- Comprehensive Care
- Factor Concentrates
- Plasma Derived Factor Concentrate
- Recombinant Factor Concentrate
- Calculating the Dose
- Taking Factor
- Storing Factor and Supplies
- Factor Recalls
- Cryoprecipitate and Other Blood Products
- Desmopressin Acetate
- Amicar® and Cyklokapron®
- Types of Bleeds
- Understanding Home Therapy
- Infusing Factor
- Ports and Lines

# Calculating the Dose

Factor dosage is the number of units of factor needed to raise the person’s clotting factor to the desired level. The desired level is written as a percentage (%). It is based on the type of bleed the person is having. Your hemophilia doctor may make changes in your dosage based on how your body responds. Because the number of factor units needed is based on your weight, you should weigh yourself often and let your doctor know of any changes. Children should be weighed even more often than adults because as they grow the dosage they need will change. Some people figure the factor dosage based on the metric system weight. One kilogram equals 2.2 pounds.

The number of units in a bottle of factor is shown on the label. One unit of factor is the amount of factor activity found in 1 cc (or 1 ml) of fresh plasma. The number of units a person needs for treatment will rarely come out as an even number of bottles. The dosage does not have to be exact. There is no problem if the amount mixed is a little more or less than the computed dosage. **If you use recombinant factor concentrate, you may have to use a higher dose. ** Talk to your doctor.

This section explains how to calculate the dosage for factor VIII and factor IX. First we show you how to do the math yourself. At the bottom of the page is an Automatic Dosage Calculator. You can enter your weight in either pounds or kilograms. Type the desired percentage increase of factor in the “Factor Level” box. For example, to raise the level of factor in the blood to 40%, enter 40 in the Factor Level box.

### How to Calculate Dosage for Hemophilia A (Factor VIII)

The doctor may want to adjust the dosage depending on the patient’s severity level and where he is bleeding.

1. Take the patient’s present weight in pounds.

2. Divide that weight by 4.4 (a calculator may help).

3. Multiply that number by the factor level to be reached.

4. The result is the required units of factor.

**Formula: weight ÷ 4.4 × factor level desired = number of factor VIII units needed**

Example: A man weighing 120 pounds needs to raise his factor level to 40%. 120 lbs ÷ 4.4 × 40 = 1091 units of factor. If the bottles of factor on hand have 600 units each, he should receive two bottles. NOTE: It is difficult to get the exact amount needed. It is always better to infuse more units than fewer units.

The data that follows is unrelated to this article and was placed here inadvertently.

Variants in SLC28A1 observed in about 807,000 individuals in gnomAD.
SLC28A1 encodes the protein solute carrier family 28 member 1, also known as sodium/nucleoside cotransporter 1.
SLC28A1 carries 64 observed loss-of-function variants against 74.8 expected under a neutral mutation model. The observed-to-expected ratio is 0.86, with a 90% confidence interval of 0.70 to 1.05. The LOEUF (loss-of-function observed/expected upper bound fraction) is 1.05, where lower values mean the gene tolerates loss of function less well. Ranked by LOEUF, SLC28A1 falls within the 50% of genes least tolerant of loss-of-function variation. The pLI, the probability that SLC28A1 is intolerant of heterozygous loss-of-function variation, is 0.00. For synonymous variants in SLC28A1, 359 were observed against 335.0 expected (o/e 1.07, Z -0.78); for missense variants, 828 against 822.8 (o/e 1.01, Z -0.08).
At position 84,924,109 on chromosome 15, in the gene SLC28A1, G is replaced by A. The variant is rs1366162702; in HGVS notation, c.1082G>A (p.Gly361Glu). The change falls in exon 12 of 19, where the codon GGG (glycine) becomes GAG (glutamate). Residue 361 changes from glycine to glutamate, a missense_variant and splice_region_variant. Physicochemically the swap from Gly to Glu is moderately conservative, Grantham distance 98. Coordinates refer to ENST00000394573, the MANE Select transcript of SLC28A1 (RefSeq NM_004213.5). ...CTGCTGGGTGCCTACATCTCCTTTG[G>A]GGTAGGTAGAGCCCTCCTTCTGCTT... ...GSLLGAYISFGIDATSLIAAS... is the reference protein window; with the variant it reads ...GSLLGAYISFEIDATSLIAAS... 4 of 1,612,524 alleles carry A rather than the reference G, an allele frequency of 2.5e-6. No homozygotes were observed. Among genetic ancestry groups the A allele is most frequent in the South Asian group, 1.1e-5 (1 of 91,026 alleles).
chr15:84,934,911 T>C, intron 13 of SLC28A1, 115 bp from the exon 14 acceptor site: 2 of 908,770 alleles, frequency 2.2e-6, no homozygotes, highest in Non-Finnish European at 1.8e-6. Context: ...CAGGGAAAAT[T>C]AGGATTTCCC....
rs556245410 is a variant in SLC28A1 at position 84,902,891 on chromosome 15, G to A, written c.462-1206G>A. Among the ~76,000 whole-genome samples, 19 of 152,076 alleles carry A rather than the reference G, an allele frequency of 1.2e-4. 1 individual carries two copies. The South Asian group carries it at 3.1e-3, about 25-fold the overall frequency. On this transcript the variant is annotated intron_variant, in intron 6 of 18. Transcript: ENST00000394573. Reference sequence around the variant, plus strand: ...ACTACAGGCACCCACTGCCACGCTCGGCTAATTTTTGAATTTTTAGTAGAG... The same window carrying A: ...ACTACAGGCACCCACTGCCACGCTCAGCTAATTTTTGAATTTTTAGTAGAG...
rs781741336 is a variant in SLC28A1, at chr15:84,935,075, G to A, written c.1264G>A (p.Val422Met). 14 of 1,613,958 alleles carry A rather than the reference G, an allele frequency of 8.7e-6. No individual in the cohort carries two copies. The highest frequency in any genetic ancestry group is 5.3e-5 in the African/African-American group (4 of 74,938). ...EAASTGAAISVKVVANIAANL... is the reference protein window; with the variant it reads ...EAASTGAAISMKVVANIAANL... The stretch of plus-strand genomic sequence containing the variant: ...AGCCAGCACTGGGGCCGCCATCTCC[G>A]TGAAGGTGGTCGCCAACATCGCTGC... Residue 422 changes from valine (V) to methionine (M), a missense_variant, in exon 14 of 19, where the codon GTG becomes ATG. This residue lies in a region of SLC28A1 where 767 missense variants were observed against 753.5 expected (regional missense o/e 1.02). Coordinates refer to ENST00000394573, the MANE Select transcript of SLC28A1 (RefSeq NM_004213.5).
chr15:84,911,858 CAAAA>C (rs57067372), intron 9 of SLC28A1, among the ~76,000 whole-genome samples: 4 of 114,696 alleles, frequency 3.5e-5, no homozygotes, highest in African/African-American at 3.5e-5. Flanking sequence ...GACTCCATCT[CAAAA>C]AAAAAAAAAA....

You should use all of the factor in the bottle. A person with hemophilia A will not be harmed if he receives a little more factor VIII than is called for; it just costs more.

If, after 24 to 36 hours, you are still bleeding, you may need to take factor again. If you still have symptoms of the bleed after taking factor a second time, call your doctor.

### How to Calculate Dosage for Hemophilia B (Factor IX)

The doctor may want to adjust the dosage depending on the patient’s severity level and where he is bleeding.

1. Take the patient’s present weight in pounds.

2. Divide that weight by 2.2 (a calculator may help).

3. Multiply that number by the factor level to be reached.

4. The result is the required units of factor.

**Formula: weight ÷ 2.2 × factor level desired = number of factor IX units needed**

Example: A man weighing 120 pounds needs to raise his factor level to 40%. 120 lbs ÷ 2.2 × 40 = 2182 units of factor. If the bottles of factor on hand have 600 units each, he should receive four bottles.

NOTE: With factor IX, it is important not to give more than the maximum dosage prescribed.

If, after 36 to 48 hours, you are still bleeding, you may need to take factor again. If you still have symptoms of the bleed after taking factor a second time, call your doctor.

### Automatic Dosage Calculator

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